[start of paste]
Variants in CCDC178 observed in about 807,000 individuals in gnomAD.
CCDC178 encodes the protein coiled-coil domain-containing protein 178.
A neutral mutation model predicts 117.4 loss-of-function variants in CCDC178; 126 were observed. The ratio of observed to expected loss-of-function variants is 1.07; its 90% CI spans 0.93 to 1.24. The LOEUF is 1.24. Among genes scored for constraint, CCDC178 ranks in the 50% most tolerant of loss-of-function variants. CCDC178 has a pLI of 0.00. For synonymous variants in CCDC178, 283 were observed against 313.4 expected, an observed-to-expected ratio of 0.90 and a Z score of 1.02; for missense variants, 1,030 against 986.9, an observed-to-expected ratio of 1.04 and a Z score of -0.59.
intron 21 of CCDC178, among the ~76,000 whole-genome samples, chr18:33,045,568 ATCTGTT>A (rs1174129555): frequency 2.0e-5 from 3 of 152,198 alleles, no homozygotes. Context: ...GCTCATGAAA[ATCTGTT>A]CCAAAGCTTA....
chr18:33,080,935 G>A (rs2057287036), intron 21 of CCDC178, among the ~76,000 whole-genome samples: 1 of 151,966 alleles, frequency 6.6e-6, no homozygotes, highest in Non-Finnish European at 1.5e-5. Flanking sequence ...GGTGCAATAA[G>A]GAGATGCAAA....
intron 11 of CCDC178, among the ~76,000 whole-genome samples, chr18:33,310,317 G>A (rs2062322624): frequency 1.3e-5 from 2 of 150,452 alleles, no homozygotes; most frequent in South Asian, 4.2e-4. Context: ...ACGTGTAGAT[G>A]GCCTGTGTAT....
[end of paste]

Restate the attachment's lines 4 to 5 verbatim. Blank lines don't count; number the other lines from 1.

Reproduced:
intron 21 of CCDC178, among the ~76,000 whole-genome samples, chr18:33,045,568 ATCTGTT>A (rs1174129555): frequency 2.0e-5 from 3 of 152,198 alleles, no homozygotes. Context: ...GCTCATGAAA[ATCTGTT>A]CCAAAGCTTA....
chr18:33,080,935 G>A (rs2057287036), intron 21 of CCDC178, among the ~76,000 whole-genome samples: 1 of 151,966 alleles, frequency 6.6e-6, no homozygotes, highest in Non-Finnish European at 1.5e-5. Flanking sequence ...GGTGCAATAA[G>A]GAGATGCAAA....